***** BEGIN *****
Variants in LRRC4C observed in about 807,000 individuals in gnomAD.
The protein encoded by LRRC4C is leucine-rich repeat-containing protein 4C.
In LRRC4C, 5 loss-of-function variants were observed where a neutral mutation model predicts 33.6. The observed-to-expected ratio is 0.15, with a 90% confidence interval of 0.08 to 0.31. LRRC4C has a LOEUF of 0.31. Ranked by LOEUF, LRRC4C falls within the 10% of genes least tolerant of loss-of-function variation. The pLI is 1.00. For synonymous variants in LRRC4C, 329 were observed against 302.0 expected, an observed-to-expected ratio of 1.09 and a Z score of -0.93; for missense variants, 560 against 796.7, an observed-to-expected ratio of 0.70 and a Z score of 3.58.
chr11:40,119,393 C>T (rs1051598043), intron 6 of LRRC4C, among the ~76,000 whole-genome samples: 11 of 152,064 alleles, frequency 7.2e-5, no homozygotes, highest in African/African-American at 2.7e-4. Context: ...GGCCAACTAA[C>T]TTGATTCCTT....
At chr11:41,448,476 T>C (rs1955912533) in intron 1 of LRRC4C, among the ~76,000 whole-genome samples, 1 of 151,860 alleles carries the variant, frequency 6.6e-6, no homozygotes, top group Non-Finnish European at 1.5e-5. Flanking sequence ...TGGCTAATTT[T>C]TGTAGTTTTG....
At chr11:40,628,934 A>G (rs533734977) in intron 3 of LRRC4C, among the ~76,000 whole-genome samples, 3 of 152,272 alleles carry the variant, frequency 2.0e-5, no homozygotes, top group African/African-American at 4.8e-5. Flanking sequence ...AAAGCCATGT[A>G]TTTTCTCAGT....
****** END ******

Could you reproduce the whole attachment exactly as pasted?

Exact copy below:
Variants in LRRC4C observed in about 807,000 individuals in gnomAD.
The protein encoded by LRRC4C is leucine-rich repeat-containing protein 4C.
In LRRC4C, 5 loss-of-function variants were observed where a neutral mutation model predicts 33.6. The observed-to-expected ratio is 0.15, with a 90% confidence interval of 0.08 to 0.31. LRRC4C has a LOEUF of 0.31. Ranked by LOEUF, LRRC4C falls within the 10% of genes least tolerant of loss-of-function variation. The pLI is 1.00. For synonymous variants in LRRC4C, 329 were observed against 302.0 expected, an observed-to-expected ratio of 1.09 and a Z score of -0.93; for missense variants, 560 against 796.7, an observed-to-expected ratio of 0.70 and a Z score of 3.58.
chr11:40,119,393 C>T (rs1051598043), intron 6 of LRRC4C, among the ~76,000 whole-genome samples: 11 of 152,064 alleles, frequency 7.2e-5, no homozygotes, highest in African/African-American at 2.7e-4. Context: ...GGCCAACTAA[C>T]TTGATTCCTT....
At chr11:41,448,476 T>C (rs1955912533) in intron 1 of LRRC4C, among the ~76,000 whole-genome samples, 1 of 151,860 alleles carries the variant, frequency 6.6e-6, no homozygotes, top group Non-Finnish European at 1.5e-5. Flanking sequence ...TGGCTAATTT[T>C]TGTAGTTTTG....
At chr11:40,628,934 A>G (rs533734977) in intron 3 of LRRC4C, among the ~76,000 whole-genome samples, 3 of 152,272 alleles carry the variant, frequency 2.0e-5, no homozygotes, top group African/African-American at 4.8e-5. Flanking sequence ...AAAGCCATGT[A>G]TTTTCTCAGT....